If you read a book, article or blog about Machine Learning — high chances it will use training data from CSV file. Nothing wrong with CSV, but let’s think if it is really practical. Wouldn’t be better to read data directly from the DB? Often you can’t feed business data directly into ML training, it needs pre-processing — changing categorial data, calculating new data features, etc. Data preparation/transformation step can be done quite easily with SQL while fetching original business data. Another advantage of reading data directly from DB — when data changes, it is easier to automate ML model re-train process.

In this post I describe how to call Oracle DB from Jupyter notebook Python code.

Step 1 

Install cx_Oracle Python module:

python -m pip install cx_Oracle

This module helps to connect to Oracle DB from Python.

Step 2

cx_Oracle enables to execute SQL call from Python code. But to be able to call remote DB from Python script, we need to install and configure Oracle Instant Client on the machine where Python runs.

If you are using Ubuntu, install alien:

sudo apt-get update 
sudo apt-get install alien 

Download RPM files for Oracle Instant Client and install with alien:

alien -i oracle-instantclient18.3-basiclite-18.3.0.0.0–1.x86_64.rpm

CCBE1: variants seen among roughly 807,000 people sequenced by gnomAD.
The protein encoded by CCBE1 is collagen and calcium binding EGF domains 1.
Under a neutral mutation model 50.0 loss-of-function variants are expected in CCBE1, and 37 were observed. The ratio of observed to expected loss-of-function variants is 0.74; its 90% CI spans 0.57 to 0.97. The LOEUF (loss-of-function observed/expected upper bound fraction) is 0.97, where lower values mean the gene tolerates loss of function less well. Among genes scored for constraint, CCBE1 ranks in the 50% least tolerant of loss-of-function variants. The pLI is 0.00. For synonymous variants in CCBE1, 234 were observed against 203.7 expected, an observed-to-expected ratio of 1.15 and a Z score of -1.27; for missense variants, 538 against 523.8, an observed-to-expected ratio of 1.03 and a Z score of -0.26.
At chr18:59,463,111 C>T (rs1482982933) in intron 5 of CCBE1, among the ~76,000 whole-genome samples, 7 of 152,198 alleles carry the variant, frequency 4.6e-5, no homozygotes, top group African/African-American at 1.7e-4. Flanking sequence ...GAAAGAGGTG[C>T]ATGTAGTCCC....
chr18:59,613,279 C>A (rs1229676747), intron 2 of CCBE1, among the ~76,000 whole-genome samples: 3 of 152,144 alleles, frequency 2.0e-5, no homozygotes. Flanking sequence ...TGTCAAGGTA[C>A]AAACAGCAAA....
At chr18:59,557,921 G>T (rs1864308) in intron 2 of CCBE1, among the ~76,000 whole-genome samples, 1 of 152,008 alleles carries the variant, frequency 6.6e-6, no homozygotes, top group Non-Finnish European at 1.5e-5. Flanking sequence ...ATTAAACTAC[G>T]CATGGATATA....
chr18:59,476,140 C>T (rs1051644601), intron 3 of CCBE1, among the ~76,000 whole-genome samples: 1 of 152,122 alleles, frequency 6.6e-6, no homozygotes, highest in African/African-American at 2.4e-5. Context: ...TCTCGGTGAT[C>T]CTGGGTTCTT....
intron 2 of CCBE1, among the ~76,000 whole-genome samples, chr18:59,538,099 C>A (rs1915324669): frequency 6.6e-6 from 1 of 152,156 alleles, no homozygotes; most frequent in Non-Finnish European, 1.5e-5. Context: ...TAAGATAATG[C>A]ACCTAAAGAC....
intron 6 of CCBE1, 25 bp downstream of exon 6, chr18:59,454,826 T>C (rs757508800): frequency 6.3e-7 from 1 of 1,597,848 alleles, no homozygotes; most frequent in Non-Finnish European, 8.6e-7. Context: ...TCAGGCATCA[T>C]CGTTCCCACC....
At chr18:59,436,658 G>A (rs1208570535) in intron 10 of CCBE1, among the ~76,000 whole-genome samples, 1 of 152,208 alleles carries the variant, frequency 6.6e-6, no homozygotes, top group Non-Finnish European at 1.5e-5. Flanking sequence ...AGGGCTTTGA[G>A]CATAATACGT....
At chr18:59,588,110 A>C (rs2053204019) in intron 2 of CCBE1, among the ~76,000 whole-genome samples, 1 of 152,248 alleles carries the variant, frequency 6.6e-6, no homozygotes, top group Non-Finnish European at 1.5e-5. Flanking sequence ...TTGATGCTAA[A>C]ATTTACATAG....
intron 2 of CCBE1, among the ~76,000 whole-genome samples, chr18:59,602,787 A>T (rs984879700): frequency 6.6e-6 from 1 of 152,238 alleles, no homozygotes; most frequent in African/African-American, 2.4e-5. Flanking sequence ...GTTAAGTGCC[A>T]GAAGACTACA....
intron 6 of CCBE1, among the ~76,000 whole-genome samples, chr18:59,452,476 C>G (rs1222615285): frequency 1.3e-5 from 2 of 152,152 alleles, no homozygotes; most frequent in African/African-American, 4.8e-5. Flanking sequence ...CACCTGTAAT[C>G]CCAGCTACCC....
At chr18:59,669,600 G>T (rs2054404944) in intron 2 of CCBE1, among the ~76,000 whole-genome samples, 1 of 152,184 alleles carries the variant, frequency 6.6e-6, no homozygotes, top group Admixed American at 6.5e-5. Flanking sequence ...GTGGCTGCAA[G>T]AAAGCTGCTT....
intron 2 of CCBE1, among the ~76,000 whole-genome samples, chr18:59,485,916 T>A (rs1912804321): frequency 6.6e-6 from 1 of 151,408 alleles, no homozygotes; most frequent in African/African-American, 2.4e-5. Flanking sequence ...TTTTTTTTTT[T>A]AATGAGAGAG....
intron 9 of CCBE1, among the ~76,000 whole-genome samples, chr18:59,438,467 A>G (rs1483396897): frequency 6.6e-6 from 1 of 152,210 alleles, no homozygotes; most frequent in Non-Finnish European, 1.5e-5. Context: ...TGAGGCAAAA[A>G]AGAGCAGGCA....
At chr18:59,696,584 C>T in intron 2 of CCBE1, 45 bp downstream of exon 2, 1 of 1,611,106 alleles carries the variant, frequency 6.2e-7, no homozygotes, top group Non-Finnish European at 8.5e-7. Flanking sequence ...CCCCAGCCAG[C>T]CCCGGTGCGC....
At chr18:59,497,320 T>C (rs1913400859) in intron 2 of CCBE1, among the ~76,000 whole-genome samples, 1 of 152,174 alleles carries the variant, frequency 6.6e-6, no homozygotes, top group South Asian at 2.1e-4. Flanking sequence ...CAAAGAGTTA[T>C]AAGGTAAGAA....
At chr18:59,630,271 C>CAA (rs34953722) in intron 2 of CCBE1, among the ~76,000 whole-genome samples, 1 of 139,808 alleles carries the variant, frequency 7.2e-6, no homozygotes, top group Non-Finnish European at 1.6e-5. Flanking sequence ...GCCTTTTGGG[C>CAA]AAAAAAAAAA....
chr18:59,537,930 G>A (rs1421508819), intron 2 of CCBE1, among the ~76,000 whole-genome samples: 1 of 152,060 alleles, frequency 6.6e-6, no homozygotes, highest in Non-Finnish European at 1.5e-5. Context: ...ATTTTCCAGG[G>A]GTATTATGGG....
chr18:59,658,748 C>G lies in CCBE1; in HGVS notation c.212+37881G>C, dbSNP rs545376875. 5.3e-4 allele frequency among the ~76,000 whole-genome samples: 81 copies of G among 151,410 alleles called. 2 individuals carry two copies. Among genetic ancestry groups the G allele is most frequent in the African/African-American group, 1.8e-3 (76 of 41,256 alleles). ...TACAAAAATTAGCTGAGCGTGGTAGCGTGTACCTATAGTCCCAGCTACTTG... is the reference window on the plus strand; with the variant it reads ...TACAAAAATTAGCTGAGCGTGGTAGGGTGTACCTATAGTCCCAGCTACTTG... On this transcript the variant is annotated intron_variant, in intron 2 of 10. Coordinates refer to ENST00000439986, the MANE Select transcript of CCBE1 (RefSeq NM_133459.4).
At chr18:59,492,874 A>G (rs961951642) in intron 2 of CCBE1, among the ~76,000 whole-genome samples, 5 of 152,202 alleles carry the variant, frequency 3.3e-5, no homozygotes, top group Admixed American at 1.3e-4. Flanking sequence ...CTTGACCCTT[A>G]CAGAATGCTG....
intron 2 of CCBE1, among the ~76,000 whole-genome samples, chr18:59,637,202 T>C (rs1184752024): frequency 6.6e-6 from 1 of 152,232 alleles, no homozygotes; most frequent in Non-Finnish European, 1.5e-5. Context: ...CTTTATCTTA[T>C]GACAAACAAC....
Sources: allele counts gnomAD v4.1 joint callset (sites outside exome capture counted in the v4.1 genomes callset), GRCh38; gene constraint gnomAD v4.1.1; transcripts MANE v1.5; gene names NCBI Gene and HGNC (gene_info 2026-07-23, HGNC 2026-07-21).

alien -i oracle-instantclient18.3-sqlplus-18.3.0.0.0–1.x86_64.rpm 
alien -i oracle-instantclient18.3-devel-18.3.0.0.0–1.x86_64.rpm 

Add environment variables:

export ORACLE_HOME=/usr/lib/oracle/18.3/client64 
export PATH=$PATH:$ORACLE_HOME/bin 

Read more here.

Step 3 

Install Magic SQL Python modules:

pip install jupyter-sql 
pip install ipython-sql 

Installation and configuration complete.

For today sample I’m using Pima Indians Diabetes Database. CSV data can be downloaded from here. I uploaded CSV data into the database table and will be fetching it through SQL directly in Jupyter notebook.

First of all, the connection is established to the DB and then SQL query is executed. Query result set is stored in a variable called result. Do you see %%sql — this magic SQL:


Username and password must be specified while establishing a connection. To avoid sharing a password, make sure to read password value from the external source (it could be simple JSON file as in this example or more advanced encoded token from keyring).

The beauty of this approach — data fetched through SQL query is out of the box available in Data Frame. Machine Learning engineer can work with the data in the same way as it would be loaded through CSV:

Sample Jupyter notebook available on GitHub. Sample credentials JSON file.

Tuesday, February 5, 2019

JDeveloper 12c IDE Performance Boost

There is a way to optimize JDeveloper 12c IDE performance by disabling some of the features you are not using.

I was positively surprised with improved JDeveloper responsiveness after turning off some of the features. ADF BC, Task Flow, and ADF Faces wizards started to respond in a noticeably faster way. Simple change and big performance gain, awesome.

One of the strongest JDeveloper performance improvements come from disabling TopLink feature. Ironically - TopLink is an abandoned product (12.1.3 was the last release). I remember back in 2006 TopLink was very promising and it was almost becoming the default platform for ADF Model. One of the old blog posts written by me related to TopLink - External Transaction Service in Oracle TopLink. But luckily it was overshadowed by ADF BC.

These are the features I disabled in my JDeveloper to get performance gain: